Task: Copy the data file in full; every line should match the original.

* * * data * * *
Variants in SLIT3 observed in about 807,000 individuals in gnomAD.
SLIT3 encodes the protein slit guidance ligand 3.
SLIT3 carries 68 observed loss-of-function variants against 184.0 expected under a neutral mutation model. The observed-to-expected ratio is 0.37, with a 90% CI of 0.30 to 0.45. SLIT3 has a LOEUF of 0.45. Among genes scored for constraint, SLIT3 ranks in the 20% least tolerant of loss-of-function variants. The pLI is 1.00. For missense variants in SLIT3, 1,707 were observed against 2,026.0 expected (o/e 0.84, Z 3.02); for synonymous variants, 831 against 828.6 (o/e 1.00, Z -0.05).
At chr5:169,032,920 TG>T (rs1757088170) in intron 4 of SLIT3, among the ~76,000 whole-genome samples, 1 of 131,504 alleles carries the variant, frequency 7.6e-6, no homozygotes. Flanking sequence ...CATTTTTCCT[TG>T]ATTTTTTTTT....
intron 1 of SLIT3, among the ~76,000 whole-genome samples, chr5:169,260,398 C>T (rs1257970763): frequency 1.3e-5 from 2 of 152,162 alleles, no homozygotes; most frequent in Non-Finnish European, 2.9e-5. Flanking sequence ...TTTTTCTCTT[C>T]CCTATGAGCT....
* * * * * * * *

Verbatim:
Variants in SLIT3 observed in about 807,000 individuals in gnomAD.
SLIT3 encodes the protein slit guidance ligand 3.
SLIT3 carries 68 observed loss-of-function variants against 184.0 expected under a neutral mutation model. The observed-to-expected ratio is 0.37, with a 90% CI of 0.30 to 0.45. SLIT3 has a LOEUF of 0.45. Among genes scored for constraint, SLIT3 ranks in the 20% least tolerant of loss-of-function variants. The pLI is 1.00. For missense variants in SLIT3, 1,707 were observed against 2,026.0 expected (o/e 0.84, Z 3.02); for synonymous variants, 831 against 828.6 (o/e 1.00, Z -0.05).
At chr5:169,032,920 TG>T (rs1757088170) in intron 4 of SLIT3, among the ~76,000 whole-genome samples, 1 of 131,504 alleles carries the variant, frequency 7.6e-6, no homozygotes. Flanking sequence ...CATTTTTCCT[TG>T]ATTTTTTTTT....
intron 1 of SLIT3, among the ~76,000 whole-genome samples, chr5:169,260,398 C>T (rs1257970763): frequency 1.3e-5 from 2 of 152,162 alleles, no homozygotes; most frequent in Non-Finnish European, 2.9e-5. Flanking sequence ...TTTTTCTCTT[C>T]CCTATGAGCT....